Colour story: Sienna

Sienna is an earth colour made up of iron oxide and manganese minerals. It can come in a variation of hues, depending on its chemical composition, ranging from a yellow-brown to a red-orange. Sourcing and producing sienna became a flourishing industry during the Renaissance period, but when demand for the colour outsourced the available natural supply, artists and manufacturers had to seek out a synthetic alternative.

Extracted from the earth

The term ‘earth colour’ is given to naturally occurring colours that come from the earth, for example iron oxides from clay. They include Yellow Ochre, Raw Sienna, Burnt Sienna, Raw Umber, Burnt Umber and Terre Verte. In its natural state, yellow-brown Raw Sienna comes from iron ore or ferric oxide found in clays. Unlike Yellow Ochre, which is generally opaque, Sienna is more transparent. When heated, it becomes a reddish brown and is called Burnt Sienna.

Like other earth colours, Sienna was one of the first pigments used for painting and can be found in prehistoric cave art dating back 40,000 years. Examples remain bright to this day, showcasing the durability of Sienna. Though the term sienna was first recorded in English as recently as 1760, the name of the pigment derives from ‘terra di Siena’, which means ‘Siena earth’, referring to the city of Siena in Tuscany where it was produced. Mineralogist Alessandro Fei described the clays of this region as ‘colouring earths’. Extraction of earth pigments in Tuscany have been occurring since antiquity, but the first documented records date back to the early 18th century, and it became a flourishing economy in the 19th century all the way through to World War II. There are many extraction sites across Tuscany, including the slopes of extinct volcano Monte Amiata.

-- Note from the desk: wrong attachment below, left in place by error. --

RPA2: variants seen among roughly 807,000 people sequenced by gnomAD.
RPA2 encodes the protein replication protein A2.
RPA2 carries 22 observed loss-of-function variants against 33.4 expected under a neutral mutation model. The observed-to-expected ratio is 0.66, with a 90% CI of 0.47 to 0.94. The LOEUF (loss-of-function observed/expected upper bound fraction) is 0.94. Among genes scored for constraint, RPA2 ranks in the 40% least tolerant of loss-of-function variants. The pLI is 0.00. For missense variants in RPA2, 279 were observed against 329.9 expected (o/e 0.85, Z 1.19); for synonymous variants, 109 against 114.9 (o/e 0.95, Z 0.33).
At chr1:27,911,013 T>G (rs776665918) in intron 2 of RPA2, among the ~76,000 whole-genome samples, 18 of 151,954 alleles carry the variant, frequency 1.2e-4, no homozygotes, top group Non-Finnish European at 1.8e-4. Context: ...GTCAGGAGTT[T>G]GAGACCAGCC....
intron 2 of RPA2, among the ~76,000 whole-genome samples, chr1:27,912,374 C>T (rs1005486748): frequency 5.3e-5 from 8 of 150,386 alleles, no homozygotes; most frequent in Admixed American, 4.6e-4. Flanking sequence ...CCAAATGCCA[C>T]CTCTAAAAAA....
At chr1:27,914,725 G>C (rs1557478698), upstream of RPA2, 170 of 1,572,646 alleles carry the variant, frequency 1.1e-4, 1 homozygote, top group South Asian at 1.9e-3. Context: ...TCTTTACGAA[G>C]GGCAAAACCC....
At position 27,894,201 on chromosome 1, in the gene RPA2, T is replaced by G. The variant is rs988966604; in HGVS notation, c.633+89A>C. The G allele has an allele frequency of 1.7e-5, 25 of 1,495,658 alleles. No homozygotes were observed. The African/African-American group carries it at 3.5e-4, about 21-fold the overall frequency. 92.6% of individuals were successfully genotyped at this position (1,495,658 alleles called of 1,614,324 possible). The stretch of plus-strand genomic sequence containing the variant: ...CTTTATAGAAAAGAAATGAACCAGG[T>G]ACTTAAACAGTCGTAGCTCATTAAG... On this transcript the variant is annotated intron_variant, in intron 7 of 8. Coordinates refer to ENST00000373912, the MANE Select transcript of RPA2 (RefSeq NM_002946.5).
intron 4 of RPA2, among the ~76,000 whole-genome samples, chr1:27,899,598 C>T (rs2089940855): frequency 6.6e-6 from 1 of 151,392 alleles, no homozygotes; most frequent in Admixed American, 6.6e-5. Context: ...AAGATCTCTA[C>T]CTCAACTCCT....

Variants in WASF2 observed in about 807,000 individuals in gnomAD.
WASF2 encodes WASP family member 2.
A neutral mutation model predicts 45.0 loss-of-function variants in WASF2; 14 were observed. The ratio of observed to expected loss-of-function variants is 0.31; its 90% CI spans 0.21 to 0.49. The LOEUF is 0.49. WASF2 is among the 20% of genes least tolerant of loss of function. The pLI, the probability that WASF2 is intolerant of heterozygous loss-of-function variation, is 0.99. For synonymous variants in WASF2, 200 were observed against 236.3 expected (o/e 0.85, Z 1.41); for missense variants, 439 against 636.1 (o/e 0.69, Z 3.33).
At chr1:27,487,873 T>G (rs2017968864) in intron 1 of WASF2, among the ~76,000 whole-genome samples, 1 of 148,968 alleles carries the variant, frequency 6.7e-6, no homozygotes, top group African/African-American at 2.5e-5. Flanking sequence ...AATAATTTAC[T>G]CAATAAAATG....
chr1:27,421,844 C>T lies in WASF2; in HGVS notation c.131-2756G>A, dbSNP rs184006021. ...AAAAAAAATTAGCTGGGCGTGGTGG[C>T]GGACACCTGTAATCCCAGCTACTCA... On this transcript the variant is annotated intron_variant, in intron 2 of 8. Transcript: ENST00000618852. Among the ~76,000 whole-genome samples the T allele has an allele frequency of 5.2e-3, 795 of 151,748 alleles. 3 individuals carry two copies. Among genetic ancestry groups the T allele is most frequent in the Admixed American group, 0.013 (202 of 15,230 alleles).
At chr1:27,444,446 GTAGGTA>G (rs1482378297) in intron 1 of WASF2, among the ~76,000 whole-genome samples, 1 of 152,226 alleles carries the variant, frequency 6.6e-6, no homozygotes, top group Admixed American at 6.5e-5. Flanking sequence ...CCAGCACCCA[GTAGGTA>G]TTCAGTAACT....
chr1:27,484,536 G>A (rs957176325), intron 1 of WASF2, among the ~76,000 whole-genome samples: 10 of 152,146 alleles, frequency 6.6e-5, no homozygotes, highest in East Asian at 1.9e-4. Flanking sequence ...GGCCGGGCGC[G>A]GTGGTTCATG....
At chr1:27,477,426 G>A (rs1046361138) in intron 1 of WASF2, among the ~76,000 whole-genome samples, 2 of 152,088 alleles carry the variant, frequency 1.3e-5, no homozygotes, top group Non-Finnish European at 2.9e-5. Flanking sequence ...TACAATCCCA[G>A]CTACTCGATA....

Idéfix., CC BY-SA 3.0 <http://creativecommons.org/licenses/by-sa/3.0/>, via Wikimedia Commons

 

Shades of the Renaissance

It was not until the Renaissance period that Sienna was developed for artistic use. Earth tones were widely used by Renaissance artists – in fact, every one of Rembrandt’s paintings contains an earth pigment. During this period the Italians enhanced the range of earth colours by roasting Sienna, leading to the creation of Raw Sienna and Burnt Sienna, which both feature heavily in Renaissance painting techniques by artists such as Vasari, Caravaggio and, of course, Rembrandt. Raw Sienna is a great glazing paint or underpainting base tone, perfect for adding thin layers of bright brown due to its superb transparency. However, it’s important not to layer Raw Sienna thickly as it might leave an uneven finish. Burnt Sienna has an equally thin glaze, but it is a deep red-brown colour often harnessed in oil painting.

 

Rembrandt, CC0, via Wikimedia Commons
Rembrandt, Public domain, via Wikimedia Commons

The end of an era

Towards the close of the 20th century, Tuscany’s resources of natural clays became scarce. Until 1988, Winsor & Newton bought Sienna pigments with a beautiful bright undertone from a mine south of Siena. But the Tuscan deposits of Raw Sienna became depleted, and so when the mine was closed, Winsor & Newton bought the remaining stocks, which lasted until 1991. After this, there were no potential suppliers of Sienna that carried the same bright undertone. Italian Sienna pigments increasingly came from other locations, such as Sicily and Sardinia, and small quantities of Sienna have also been mined in Germany’s Harz Mountains. But these alternative ores were not always of the same quality, leading colourmen to look to synthetic pigments. Transparent synthetic iron oxides had already been on the market for some time. When these were evaluated and found to have the same transparent undertone that closely matched old standards, they were widely produced, and formed the Sienna pigments we use today.